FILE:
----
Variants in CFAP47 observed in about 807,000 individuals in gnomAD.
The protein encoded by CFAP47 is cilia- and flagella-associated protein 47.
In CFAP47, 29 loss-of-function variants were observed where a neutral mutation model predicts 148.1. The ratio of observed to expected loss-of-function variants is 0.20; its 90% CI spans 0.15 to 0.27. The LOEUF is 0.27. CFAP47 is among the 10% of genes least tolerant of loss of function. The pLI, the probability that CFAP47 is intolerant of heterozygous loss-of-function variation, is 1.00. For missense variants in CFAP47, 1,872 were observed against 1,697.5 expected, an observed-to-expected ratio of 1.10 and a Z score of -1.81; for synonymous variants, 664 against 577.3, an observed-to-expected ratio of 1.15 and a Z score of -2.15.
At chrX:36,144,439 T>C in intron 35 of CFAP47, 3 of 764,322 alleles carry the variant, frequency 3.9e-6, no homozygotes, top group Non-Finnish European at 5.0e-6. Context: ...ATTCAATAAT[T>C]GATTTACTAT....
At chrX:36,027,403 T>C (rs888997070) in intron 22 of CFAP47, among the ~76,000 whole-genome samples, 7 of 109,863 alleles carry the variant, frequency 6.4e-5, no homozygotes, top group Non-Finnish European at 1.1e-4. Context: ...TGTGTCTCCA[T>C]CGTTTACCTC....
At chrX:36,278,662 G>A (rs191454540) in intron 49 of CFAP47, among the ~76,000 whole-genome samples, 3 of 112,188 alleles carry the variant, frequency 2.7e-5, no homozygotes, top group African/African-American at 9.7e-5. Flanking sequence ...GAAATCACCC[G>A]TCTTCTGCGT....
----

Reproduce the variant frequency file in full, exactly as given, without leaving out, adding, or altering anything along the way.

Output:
Variants in CFAP47 observed in about 807,000 individuals in gnomAD.
The protein encoded by CFAP47 is cilia- and flagella-associated protein 47.
In CFAP47, 29 loss-of-function variants were observed where a neutral mutation model predicts 148.1. The ratio of observed to expected loss-of-function variants is 0.20; its 90% CI spans 0.15 to 0.27. The LOEUF is 0.27. CFAP47 is among the 10% of genes least tolerant of loss of function. The pLI, the probability that CFAP47 is intolerant of heterozygous loss-of-function variation, is 1.00. For missense variants in CFAP47, 1,872 were observed against 1,697.5 expected, an observed-to-expected ratio of 1.10 and a Z score of -1.81; for synonymous variants, 664 against 577.3, an observed-to-expected ratio of 1.15 and a Z score of -2.15.
At chrX:36,144,439 T>C in intron 35 of CFAP47, 3 of 764,322 alleles carry the variant, frequency 3.9e-6, no homozygotes, top group Non-Finnish European at 5.0e-6. Context: ...ATTCAATAAT[T>C]GATTTACTAT....
At chrX:36,027,403 T>C (rs888997070) in intron 22 of CFAP47, among the ~76,000 whole-genome samples, 7 of 109,863 alleles carry the variant, frequency 6.4e-5, no homozygotes, top group Non-Finnish European at 1.1e-4. Context: ...TGTGTCTCCA[T>C]CGTTTACCTC....
At chrX:36,278,662 G>A (rs191454540) in intron 49 of CFAP47, among the ~76,000 whole-genome samples, 3 of 112,188 alleles carry the variant, frequency 2.7e-5, no homozygotes, top group African/African-American at 9.7e-5. Flanking sequence ...GAAATCACCC[G>A]TCTTCTGCGT....